The Fall NEP instructs compliance officers to contact their area office and obtain supervisory authorization prior to beginning an immediate inspection, but this pre-approval is not mandatory and they may begin the inspection if they are unable to reach the area office. This includes, but is not limited to, situations where the compliance officer has no cell-service or the supervisor is not “immediately available.”
Compliance officers are instructed to target these 10 categories for inspections outside of construction:
Health and safety hazards can affect employees in any role, no matter how safe their position might seem initially. Read more…
- Roof top mechanical work/maintenance
- Utility line work/maintenance (electrical, cable)
- Arborist/tree trimming
- Holiday light installation
- Road sign maintenance/billboards
- Power washing buildings (not connected to painting)
- Gutter cleaning
- Chimney cleaning
- Window cleaning
- Communication towers
Further, during all programmed safety and health inspections, such as those under other emphasis programs, and during all un-programmed inspections (incidents, complaints, and referrals), the Fall NEP instructs compliance officers to observe the surrounding area for potential fall exposures and conduct an inspection under the Fall NEP if any are present. Inspections under the Fall NEP will be conducted in accordance with the field operations manual and will normally be limited to evaluating worker exposure to hazards associated with falls, although a compliance officer may expand the inspection’s scope if there is evidence from injury and illness records, plain view hazards, or employee interviews of other potential safety and health hazards or violations at the worksite.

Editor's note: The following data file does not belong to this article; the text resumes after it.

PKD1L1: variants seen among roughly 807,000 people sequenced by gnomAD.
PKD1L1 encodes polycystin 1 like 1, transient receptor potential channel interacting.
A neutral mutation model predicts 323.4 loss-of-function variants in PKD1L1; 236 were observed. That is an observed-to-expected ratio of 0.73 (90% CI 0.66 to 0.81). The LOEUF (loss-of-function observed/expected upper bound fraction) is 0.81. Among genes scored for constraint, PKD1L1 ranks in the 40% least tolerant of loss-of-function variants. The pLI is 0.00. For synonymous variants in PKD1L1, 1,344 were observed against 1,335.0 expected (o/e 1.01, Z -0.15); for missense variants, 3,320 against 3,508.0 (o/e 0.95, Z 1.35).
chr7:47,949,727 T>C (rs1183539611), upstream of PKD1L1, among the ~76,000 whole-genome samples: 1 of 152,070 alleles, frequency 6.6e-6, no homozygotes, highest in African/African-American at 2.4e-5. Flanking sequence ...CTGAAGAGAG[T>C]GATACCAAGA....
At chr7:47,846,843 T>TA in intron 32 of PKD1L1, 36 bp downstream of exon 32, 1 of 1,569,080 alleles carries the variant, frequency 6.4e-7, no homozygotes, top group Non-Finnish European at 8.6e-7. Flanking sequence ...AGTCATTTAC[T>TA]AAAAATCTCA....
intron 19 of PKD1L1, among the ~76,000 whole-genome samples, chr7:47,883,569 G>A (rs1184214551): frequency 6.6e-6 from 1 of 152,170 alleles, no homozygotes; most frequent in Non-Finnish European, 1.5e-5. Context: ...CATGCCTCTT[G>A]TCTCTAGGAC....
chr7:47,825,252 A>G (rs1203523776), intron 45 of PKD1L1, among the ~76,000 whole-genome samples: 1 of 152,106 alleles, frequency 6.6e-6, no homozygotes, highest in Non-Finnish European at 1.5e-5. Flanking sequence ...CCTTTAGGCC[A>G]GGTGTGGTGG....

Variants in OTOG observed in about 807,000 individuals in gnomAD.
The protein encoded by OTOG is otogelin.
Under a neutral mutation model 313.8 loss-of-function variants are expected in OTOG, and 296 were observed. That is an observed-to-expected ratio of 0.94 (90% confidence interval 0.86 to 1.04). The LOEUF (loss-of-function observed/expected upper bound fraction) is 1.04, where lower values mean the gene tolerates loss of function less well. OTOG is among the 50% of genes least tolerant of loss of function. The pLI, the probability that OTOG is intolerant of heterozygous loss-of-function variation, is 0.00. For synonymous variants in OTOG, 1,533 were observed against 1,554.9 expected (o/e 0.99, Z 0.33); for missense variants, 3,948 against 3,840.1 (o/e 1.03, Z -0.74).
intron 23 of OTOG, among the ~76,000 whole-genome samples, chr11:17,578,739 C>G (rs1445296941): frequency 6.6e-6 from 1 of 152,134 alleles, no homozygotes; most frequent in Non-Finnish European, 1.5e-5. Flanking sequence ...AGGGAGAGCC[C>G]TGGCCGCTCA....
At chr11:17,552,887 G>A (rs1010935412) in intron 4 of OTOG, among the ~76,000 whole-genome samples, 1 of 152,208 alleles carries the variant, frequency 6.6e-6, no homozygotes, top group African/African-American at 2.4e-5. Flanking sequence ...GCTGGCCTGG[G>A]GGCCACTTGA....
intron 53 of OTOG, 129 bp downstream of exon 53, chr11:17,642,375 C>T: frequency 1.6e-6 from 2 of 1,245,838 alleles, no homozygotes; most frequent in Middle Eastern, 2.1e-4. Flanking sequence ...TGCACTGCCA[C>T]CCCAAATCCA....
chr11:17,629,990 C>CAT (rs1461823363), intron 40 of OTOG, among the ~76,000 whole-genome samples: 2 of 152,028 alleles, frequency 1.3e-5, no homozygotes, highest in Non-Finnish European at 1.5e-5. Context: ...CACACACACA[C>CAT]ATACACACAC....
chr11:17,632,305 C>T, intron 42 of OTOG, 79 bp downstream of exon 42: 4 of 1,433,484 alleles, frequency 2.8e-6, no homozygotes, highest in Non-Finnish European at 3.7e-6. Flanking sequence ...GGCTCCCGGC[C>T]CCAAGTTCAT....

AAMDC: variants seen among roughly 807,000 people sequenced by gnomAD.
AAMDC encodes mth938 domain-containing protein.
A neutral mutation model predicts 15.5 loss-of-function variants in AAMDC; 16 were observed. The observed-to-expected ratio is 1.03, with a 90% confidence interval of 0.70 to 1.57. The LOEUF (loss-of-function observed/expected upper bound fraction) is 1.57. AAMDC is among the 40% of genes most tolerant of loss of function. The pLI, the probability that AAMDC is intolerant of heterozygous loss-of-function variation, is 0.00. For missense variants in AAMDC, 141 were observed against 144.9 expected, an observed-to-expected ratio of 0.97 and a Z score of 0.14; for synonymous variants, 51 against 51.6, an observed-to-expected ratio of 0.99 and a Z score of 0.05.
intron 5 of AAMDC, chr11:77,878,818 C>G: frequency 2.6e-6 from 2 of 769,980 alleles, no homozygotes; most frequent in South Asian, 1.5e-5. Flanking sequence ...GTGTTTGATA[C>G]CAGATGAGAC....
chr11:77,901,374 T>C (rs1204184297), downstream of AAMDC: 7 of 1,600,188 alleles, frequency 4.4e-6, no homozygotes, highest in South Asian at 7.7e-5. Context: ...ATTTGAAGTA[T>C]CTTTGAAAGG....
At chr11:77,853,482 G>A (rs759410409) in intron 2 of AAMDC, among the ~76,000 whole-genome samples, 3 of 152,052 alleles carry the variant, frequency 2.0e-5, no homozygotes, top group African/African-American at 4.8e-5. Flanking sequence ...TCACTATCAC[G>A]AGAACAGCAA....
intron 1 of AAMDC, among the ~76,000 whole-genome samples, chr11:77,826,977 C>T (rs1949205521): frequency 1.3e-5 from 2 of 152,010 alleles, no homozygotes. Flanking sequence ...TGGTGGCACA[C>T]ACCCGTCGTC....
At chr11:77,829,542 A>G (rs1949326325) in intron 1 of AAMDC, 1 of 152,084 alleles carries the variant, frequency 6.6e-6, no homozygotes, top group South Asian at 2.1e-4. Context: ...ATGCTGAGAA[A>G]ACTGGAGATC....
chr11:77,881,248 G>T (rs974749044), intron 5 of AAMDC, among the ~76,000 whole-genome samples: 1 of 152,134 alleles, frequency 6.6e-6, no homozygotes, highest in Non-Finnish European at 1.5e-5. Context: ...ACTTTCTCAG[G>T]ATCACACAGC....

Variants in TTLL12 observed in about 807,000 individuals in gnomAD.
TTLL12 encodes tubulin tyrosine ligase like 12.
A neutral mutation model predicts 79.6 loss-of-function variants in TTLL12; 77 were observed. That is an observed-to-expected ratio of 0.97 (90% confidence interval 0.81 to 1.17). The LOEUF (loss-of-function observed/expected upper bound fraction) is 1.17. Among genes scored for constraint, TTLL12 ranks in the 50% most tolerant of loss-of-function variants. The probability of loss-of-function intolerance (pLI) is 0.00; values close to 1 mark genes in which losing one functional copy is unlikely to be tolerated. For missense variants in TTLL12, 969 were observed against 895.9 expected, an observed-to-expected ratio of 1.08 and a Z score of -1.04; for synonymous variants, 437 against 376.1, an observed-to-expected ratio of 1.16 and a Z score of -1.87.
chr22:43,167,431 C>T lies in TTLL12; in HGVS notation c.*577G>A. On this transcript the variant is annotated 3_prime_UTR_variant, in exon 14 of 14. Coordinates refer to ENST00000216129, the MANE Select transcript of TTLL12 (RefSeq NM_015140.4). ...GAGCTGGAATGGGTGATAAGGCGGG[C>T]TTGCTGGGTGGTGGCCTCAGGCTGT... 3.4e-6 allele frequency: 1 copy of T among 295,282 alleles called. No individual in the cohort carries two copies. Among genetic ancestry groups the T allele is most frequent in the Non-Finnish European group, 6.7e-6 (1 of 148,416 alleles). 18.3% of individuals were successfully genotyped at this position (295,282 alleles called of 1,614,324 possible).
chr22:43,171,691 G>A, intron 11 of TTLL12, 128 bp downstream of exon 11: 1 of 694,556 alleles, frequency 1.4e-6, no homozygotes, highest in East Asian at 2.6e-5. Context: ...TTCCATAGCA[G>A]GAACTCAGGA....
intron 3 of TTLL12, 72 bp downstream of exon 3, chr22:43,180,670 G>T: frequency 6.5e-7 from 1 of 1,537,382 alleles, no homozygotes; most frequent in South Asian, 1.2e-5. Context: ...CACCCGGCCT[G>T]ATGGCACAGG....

Employers whose work includes worker exposure to fall hazards should expect an increase in inspections under the Fall NEP. Employers should remind employees who work or could work at the height considered a hazard in their industry of their fall protection policies, OSHA requirements, and best practices. Refresher training would be prudent, even if not yet due, to limit the risk of fall protection noncompliance, particularly for fall hazards that are or will be in the public view. Employers also should review their written safety policies to ensure they are comprehensive and compliant and should conduct a thorough inspection of the work areas to identify and correct fall hazards. A comprehensive review of fall hazards includes confirming that all large floor holes and elevated open sided platforms are guarded, all needed rails and toe boards are in place and are secure, all fall protection equipment retains integrity, and harnesses/lanyards intended to be used together are compatible. Employers also should make sure their employees know that safety noncompliance is unacceptable and can be the basis for discipline and discharge.
¹ A comprehensive list of OSHA’s active NEPs can be found here. In addition, and depending on the employer’s geographic location, there may also be regional or local emphasis programs in effect.
² The full Fall NEP can be reviewed here.
An associate with Hunton Andrews Kurth LLP, Crawford LeBouef guides clients through labor and employment matters, including labor union organizing campaigns and strategies, internal investigations, and litigation surrounding non-compete agreements, trade secrets, discrimination, and wage and hour disputes, among other issues.